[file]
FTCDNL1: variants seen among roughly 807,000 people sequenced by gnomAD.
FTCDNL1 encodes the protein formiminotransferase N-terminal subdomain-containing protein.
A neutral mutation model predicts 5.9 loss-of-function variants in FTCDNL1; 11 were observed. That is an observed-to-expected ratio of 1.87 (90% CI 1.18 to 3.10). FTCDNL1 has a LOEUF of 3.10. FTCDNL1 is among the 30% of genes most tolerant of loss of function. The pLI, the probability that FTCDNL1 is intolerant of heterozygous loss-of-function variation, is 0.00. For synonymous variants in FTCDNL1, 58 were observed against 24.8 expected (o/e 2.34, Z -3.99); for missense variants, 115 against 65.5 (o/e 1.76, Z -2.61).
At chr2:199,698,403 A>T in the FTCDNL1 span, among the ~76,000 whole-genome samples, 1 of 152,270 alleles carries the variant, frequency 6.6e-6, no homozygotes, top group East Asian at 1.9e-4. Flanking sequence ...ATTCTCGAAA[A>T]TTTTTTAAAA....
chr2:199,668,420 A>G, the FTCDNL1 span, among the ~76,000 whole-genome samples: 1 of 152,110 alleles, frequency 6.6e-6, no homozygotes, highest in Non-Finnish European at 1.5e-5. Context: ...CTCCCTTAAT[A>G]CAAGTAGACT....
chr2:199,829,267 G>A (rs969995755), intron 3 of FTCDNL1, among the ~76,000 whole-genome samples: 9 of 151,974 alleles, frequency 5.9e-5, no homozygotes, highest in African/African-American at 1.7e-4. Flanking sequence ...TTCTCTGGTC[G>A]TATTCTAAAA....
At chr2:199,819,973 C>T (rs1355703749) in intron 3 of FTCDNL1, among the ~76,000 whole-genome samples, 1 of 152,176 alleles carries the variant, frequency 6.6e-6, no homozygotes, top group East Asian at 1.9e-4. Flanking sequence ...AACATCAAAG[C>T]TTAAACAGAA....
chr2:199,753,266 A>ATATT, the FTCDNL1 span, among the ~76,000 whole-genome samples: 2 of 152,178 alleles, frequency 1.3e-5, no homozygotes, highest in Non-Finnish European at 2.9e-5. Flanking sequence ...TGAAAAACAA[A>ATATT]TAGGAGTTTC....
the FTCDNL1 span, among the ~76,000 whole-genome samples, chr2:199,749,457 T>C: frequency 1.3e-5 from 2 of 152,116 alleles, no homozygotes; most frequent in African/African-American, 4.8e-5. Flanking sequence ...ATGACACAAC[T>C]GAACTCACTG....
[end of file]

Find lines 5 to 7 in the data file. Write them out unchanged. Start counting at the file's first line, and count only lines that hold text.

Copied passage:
chr2:199,668,420 A>G, the FTCDNL1 span, among the ~76,000 whole-genome samples: 1 of 152,110 alleles, frequency 6.6e-6, no homozygotes, highest in Non-Finnish European at 1.5e-5. Context: ...CTCCCTTAAT[A>G]CAAGTAGACT....
chr2:199,829,267 G>A (rs969995755), intron 3 of FTCDNL1, among the ~76,000 whole-genome samples: 9 of 151,974 alleles, frequency 5.9e-5, no homozygotes, highest in African/African-American at 1.7e-4. Flanking sequence ...TTCTCTGGTC[G>A]TATTCTAAAA....
At chr2:199,819,973 C>T (rs1355703749) in intron 3 of FTCDNL1, among the ~76,000 whole-genome samples, 1 of 152,176 alleles carries the variant, frequency 6.6e-6, no homozygotes, top group East Asian at 1.9e-4. Flanking sequence ...AACATCAAAG[C>T]TTAAACAGAA....